• They spend the entire meal getting David to tell them secrets he shouldn't be telling, and David becomes very uncomfortable.
  • Then the most extraordinary thing happens: a man walks past the open front door, and it is Mr. Micawber!
  • David is not entirely happy to see Mr. Micawber just then (since he's having dinner with new people who don't know about his time in London), but he is happy to see Mr. Micawber in general.
  • Mr. Micawber calls out to David through the door, and David goes to greet him.
  • David asks after Mrs. Micawber, who is well – both the twins have been weaned, and so she is traveling with Mr. Micawber.
  • David introduces Mr. Micawber to the Heeps, and Mr. Micawber tells them that any friend of David's is a friend of his.
  • Mrs. Heep assures Mr. Micawber that she and her son are too humble to dare to call themselves friends of David.
  • Mr. Micawber asks David if he is still in the wine trade – a reference to David's awful days as a worker for Murdstone and Grinby's – and David tells him that he is now a student with Doctor Strong.
  • David is in agony, because he doesn't want Mr. Micawber to reveal David's recent past in the city.
  • Mr. Micawber is glad to hear David is a student and compliments his intelligence.
  • David wants to get Mr. Micawber away from the Heeps, so he offers to go pay his respects to Mrs. Micawber.
  • Mr. Micawber explains to the Heeps that he is a man in great financial difficulties, but he has always enjoyed confiding his problems to David.
  • They say goodbye to the Heeps, and David and Mr. Micawber walk over to the inn where the Micawbers are staying.
  • Mr. Micawber immediately pulls out the newspaper to see if there are any want ads in the classifieds.
  • Mrs. Micawber tells David that they had gone to Plymouth in search of a job, but her family's influence was not enough to get him employment.
  • In fact, since he just got out of debtors prison, the reception of Mr. Micawber by Mrs. Micawber's family was not warm.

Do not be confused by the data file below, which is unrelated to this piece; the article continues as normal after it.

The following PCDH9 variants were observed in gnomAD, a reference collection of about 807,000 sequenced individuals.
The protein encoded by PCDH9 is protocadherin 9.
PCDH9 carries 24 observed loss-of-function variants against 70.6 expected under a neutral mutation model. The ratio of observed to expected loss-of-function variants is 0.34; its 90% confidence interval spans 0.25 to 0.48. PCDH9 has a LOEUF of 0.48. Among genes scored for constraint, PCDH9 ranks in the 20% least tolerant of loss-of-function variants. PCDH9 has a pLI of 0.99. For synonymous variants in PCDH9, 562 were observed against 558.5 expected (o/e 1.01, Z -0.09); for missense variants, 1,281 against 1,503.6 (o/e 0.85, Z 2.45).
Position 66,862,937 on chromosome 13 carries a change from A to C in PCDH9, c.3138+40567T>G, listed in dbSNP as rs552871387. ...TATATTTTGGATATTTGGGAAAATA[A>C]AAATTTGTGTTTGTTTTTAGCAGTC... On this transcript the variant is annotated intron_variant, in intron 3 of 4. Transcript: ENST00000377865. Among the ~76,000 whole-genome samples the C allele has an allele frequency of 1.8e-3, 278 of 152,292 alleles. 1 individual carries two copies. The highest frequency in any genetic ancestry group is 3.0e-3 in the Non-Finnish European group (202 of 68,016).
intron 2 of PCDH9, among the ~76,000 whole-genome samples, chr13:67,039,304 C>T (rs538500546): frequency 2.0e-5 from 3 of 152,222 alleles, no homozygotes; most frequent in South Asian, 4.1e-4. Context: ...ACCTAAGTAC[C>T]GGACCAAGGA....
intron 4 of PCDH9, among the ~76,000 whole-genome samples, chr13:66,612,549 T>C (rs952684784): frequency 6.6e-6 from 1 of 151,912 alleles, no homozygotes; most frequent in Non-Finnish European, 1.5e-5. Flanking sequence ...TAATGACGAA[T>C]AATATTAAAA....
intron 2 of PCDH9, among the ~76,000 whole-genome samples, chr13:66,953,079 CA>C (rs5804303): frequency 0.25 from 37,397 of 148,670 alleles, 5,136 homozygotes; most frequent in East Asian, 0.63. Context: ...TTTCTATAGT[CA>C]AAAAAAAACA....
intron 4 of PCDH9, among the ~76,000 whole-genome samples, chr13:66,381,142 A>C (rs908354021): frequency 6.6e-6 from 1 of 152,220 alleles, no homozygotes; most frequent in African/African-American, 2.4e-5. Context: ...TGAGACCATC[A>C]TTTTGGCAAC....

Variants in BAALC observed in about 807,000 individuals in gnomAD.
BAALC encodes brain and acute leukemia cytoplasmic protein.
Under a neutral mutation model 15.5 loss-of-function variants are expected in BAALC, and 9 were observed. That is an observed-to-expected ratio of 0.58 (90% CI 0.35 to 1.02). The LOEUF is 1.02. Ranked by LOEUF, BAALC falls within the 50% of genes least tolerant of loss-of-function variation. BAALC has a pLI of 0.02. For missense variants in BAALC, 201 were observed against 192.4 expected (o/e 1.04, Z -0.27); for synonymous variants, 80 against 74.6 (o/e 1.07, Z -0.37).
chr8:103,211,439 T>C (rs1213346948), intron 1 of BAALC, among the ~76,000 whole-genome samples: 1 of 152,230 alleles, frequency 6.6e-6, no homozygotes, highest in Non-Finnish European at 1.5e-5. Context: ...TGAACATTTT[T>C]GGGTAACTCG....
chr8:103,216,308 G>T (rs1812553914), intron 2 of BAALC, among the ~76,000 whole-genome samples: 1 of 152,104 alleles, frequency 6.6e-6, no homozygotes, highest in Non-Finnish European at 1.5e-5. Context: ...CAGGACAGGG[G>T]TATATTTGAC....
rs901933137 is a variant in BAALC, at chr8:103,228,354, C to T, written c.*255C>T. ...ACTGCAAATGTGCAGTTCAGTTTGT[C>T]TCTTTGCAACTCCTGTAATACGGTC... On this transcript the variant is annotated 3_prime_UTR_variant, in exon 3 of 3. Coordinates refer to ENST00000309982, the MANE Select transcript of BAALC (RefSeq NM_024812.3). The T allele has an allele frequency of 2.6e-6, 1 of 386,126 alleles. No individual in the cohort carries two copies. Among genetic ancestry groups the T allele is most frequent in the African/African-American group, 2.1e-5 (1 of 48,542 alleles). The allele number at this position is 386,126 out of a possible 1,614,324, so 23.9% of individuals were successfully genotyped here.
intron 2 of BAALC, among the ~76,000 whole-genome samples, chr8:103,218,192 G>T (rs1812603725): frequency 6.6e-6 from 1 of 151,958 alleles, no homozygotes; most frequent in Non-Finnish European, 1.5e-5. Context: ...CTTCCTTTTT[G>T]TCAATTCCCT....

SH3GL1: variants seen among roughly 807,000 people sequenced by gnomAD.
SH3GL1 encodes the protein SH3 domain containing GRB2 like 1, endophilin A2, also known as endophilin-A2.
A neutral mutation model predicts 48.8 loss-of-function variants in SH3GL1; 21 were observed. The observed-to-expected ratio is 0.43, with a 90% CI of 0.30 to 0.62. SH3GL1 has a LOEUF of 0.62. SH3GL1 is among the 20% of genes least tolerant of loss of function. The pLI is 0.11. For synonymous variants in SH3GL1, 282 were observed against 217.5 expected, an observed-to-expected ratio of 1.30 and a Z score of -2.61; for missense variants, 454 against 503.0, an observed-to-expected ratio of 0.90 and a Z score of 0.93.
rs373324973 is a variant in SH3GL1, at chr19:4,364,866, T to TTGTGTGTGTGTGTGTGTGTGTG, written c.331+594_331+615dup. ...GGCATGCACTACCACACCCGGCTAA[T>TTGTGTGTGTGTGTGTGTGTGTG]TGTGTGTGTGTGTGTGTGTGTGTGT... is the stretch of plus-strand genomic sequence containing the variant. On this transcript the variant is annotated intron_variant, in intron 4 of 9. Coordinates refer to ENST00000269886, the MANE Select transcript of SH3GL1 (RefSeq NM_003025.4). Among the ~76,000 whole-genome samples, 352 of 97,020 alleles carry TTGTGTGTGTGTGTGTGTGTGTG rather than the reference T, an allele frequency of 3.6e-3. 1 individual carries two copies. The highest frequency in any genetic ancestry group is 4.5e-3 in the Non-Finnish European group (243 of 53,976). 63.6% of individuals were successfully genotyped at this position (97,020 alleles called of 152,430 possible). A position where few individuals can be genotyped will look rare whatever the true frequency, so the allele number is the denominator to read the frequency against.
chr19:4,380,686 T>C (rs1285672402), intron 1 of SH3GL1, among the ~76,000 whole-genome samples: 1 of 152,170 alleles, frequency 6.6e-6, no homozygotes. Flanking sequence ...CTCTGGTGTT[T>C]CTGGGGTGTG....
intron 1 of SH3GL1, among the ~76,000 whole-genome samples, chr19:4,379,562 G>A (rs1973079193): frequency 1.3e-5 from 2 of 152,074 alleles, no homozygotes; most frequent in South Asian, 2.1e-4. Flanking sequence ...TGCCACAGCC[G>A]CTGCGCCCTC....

• Her family basically kicked the Micawbers out after a week, which David thinks is shameful.
  • Mr. Micawber decides to try his hand at the coal trade, so that's why they're in Dover – but at present, they have no capital at all. In fact, they're waiting for a money order so that they can pay their bill at the inn where they are currently staying.
  • David expresses his sympathy for the poor Micawbers at this awful news.
  • Mr. Micawber invites David to have dinner with them the next evening.
  • Weirdly, that night, David sees Mr. Micawber and Uriah Heep walking by his home at Mr. Wickfield's arm in arm.
  • When David goes the next day to have dinner with the Micawbers, Mr. Micawber informs David that he has been drinking brandy at Mrs. Heep's house.
  • Mr. Micawber tells David that some day, Uriah Heep might become attorney general.
  • David worries that Mr. Micawber might have told Uriah Heep too much about David's history, but he doesn't want to ask Mr. Micawber point blank what he has said about David. Once again, David is very uncomfortable.
  • Mr. and Mrs. Micawber are in high spirits, constantly toasting one another and singing.
  • Because they are in such high spirits, David is astonished when he gets a letter from Mr. Micawber at 7 AM the following morning:
  • No money is coming to Mr. Micawber, and he doesn't have the cash to pay his hotel and room service bills.
  • He is (once again) completely ruined.
  • David is so worried that he runs over to the inn on his way to school.
  • But half way there, he sees Mr. and Mrs. Micawber riding past him in a coach to London, chatting to one another and looking perfectly happy.
  • So, David goes on to school, feeling rather glad that they are gone even though he likes them fine.

People who Shmooped this also Shmooped...

Advertisement
Noodle's College Search
Advertisement
Advertisement
Advertisement